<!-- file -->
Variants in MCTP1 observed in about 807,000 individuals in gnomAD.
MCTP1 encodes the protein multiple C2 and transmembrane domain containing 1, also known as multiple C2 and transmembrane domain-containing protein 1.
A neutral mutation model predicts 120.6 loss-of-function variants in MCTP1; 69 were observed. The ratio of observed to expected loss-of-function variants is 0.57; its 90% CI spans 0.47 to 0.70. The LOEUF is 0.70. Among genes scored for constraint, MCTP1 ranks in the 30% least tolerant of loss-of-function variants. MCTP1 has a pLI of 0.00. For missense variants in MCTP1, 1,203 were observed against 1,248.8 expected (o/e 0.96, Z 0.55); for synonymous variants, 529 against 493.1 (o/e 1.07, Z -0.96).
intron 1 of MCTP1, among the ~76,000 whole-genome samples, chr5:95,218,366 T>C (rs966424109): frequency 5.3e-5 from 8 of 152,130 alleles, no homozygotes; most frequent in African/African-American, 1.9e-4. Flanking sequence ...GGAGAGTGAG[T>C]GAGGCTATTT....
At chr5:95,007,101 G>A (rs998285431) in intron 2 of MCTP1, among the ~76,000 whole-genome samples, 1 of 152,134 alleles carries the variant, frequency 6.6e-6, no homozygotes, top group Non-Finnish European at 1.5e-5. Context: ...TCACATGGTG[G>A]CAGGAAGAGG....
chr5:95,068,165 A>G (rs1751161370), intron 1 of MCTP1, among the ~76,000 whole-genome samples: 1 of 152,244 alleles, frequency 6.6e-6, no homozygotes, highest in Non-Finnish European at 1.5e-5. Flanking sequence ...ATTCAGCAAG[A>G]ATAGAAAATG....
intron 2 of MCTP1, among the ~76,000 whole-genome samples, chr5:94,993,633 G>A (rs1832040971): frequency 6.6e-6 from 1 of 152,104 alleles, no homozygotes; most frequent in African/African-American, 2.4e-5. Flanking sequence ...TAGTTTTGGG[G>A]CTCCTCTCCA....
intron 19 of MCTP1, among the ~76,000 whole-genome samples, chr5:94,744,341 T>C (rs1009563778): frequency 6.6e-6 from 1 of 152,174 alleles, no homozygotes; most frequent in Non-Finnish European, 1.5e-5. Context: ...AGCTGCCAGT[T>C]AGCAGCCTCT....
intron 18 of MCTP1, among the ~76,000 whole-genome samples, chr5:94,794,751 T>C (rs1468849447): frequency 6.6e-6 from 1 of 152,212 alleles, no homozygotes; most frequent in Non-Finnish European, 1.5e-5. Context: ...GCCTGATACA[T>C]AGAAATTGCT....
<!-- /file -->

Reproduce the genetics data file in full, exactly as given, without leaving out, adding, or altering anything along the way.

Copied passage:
Variants in MCTP1 observed in about 807,000 individuals in gnomAD.
MCTP1 encodes the protein multiple C2 and transmembrane domain containing 1, also known as multiple C2 and transmembrane domain-containing protein 1.
A neutral mutation model predicts 120.6 loss-of-function variants in MCTP1; 69 were observed. The ratio of observed to expected loss-of-function variants is 0.57; its 90% CI spans 0.47 to 0.70. The LOEUF is 0.70. Among genes scored for constraint, MCTP1 ranks in the 30% least tolerant of loss-of-function variants. MCTP1 has a pLI of 0.00. For missense variants in MCTP1, 1,203 were observed against 1,248.8 expected (o/e 0.96, Z 0.55); for synonymous variants, 529 against 493.1 (o/e 1.07, Z -0.96).
intron 1 of MCTP1, among the ~76,000 whole-genome samples, chr5:95,218,366 T>C (rs966424109): frequency 5.3e-5 from 8 of 152,130 alleles, no homozygotes; most frequent in African/African-American, 1.9e-4. Flanking sequence ...GGAGAGTGAG[T>C]GAGGCTATTT....
At chr5:95,007,101 G>A (rs998285431) in intron 2 of MCTP1, among the ~76,000 whole-genome samples, 1 of 152,134 alleles carries the variant, frequency 6.6e-6, no homozygotes, top group Non-Finnish European at 1.5e-5. Context: ...TCACATGGTG[G>A]CAGGAAGAGG....
chr5:95,068,165 A>G (rs1751161370), intron 1 of MCTP1, among the ~76,000 whole-genome samples: 1 of 152,244 alleles, frequency 6.6e-6, no homozygotes, highest in Non-Finnish European at 1.5e-5. Flanking sequence ...ATTCAGCAAG[A>G]ATAGAAAATG....
intron 2 of MCTP1, among the ~76,000 whole-genome samples, chr5:94,993,633 G>A (rs1832040971): frequency 6.6e-6 from 1 of 152,104 alleles, no homozygotes; most frequent in African/African-American, 2.4e-5. Flanking sequence ...TAGTTTTGGG[G>A]CTCCTCTCCA....
intron 19 of MCTP1, among the ~76,000 whole-genome samples, chr5:94,744,341 T>C (rs1009563778): frequency 6.6e-6 from 1 of 152,174 alleles, no homozygotes; most frequent in Non-Finnish European, 1.5e-5. Context: ...AGCTGCCAGT[T>C]AGCAGCCTCT....
intron 18 of MCTP1, among the ~76,000 whole-genome samples, chr5:94,794,751 T>C (rs1468849447): frequency 6.6e-6 from 1 of 152,212 alleles, no homozygotes; most frequent in Non-Finnish European, 1.5e-5. Context: ...GCCTGATACA[T>C]AGAAATTGCT....